No Sin Evades His Gaze are one of the hardest working young bands in the UK today. They blend the rigid rhythmic pulse of Tech Metal with the melodic directness of more mainstream music into a compelling amalgam all of their own.
I was able to catch 10 minutes alone with them to chat about Influences, Quarries, Videos and Time Travel.
CP: I really enjoyed your 'Ages of Sedation' video. I don't know what the budget was, but it looked expensive.
James Denton (Vox): Lots! hahaha. No but it was less than you'd think actually. We managed to get the location for free actually.
CP: What was it? A quarry?
JD: yeah it was a quarry. Yeah and the staff were really nice to us. They drove us around the site. They dug us out a space to film the video.
Dan Thornton (guitar): They flattened the land out for us, as well.
JD: We had walkie talkie contact with them and if we needed anything, we would walkie-talkie them and they'd bring it to us.
DT: At one point we had this dolly track that we had to put down for the camera to roll on and the director was like 'Its not really flat enough for it to go down'. So we called in this massive digger. Which just went BOOM……Thank you, flat space.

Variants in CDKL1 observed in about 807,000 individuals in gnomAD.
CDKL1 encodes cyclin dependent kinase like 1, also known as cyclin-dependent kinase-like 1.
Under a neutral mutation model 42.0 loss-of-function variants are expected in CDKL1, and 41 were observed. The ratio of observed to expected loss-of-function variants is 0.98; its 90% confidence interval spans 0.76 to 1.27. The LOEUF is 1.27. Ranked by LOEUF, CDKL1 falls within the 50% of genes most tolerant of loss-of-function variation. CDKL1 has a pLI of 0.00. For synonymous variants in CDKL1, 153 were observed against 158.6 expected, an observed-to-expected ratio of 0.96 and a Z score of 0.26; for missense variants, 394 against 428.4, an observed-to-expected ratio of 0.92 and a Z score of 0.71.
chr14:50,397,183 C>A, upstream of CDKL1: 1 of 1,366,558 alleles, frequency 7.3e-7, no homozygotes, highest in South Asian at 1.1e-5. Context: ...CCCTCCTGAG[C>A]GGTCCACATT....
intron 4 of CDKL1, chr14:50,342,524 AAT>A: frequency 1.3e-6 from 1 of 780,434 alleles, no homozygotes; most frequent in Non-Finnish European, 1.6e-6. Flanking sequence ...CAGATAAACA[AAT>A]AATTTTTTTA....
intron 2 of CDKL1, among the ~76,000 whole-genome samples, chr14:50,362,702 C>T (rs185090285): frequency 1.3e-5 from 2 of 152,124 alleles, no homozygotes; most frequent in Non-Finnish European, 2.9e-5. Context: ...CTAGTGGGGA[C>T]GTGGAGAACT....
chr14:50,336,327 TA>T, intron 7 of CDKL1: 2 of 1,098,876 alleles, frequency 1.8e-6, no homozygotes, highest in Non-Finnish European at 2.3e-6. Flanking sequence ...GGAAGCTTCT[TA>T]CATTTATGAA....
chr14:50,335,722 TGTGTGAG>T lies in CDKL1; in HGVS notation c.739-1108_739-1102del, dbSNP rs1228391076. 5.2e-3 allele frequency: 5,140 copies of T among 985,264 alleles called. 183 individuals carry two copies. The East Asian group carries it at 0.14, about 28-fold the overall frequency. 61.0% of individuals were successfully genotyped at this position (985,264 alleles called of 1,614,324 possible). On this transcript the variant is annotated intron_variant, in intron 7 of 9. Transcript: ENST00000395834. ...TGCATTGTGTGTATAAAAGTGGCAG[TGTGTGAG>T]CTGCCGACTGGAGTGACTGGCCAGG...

CP: Did you have a contact there?I mean does someone tyou know break rocks for a living?
JD: Not really. The director just got in contact with them and they agreed to it. We were like 'Guys this is our first video! How are we going to top this? What are we going to do next? We'll have to go to the moon.'
CP: Yeah, cos when I saw the start of the Video, with the swirling sky and all that stuff, I thought "Who the Fuck is This?"
JD: Literally, there was a camera behnd me with the director going 'James! The sky is swirling! Look angry at the Sky. Shake your fist at the sky. Its a big black hole'
CP: How long did the video take to do?
DT: 2 days. The first day we the crane shots. All the swooping moves, then the next day we adid all the individual stuff and the sky shit. That was such a fun thing to do and an interesting place to be.
JD: I will remember that place for a long time.
CP: Have you had a lot of good responses to the video?
JD: It got 43-000 hits in 3 weeks. Which is pretty damn mad. We have managed to book aload of gigs off the back of it and we also got featured by Dom Lawson in The Guardian (High brow UK National newspaper) that just made our week. We found outt that we were playing TechFest then came home and we were in The Guardian, it was just amazing.
CP: Having such an impactful video, who've got people asking 'what are they going to come out with artistically next?'
DT: I think coming out of the gate so strongly, with such a distinctive image, we've got a lot of work to do keep that momentum going.
JD: We thought because we all came from other bands, the idea was like, "well if you could start again from scratch, taking everything you've learnt from your experiences on the road, which contacts would you go to, what would you do? How would you give your band the best chance of being a success?"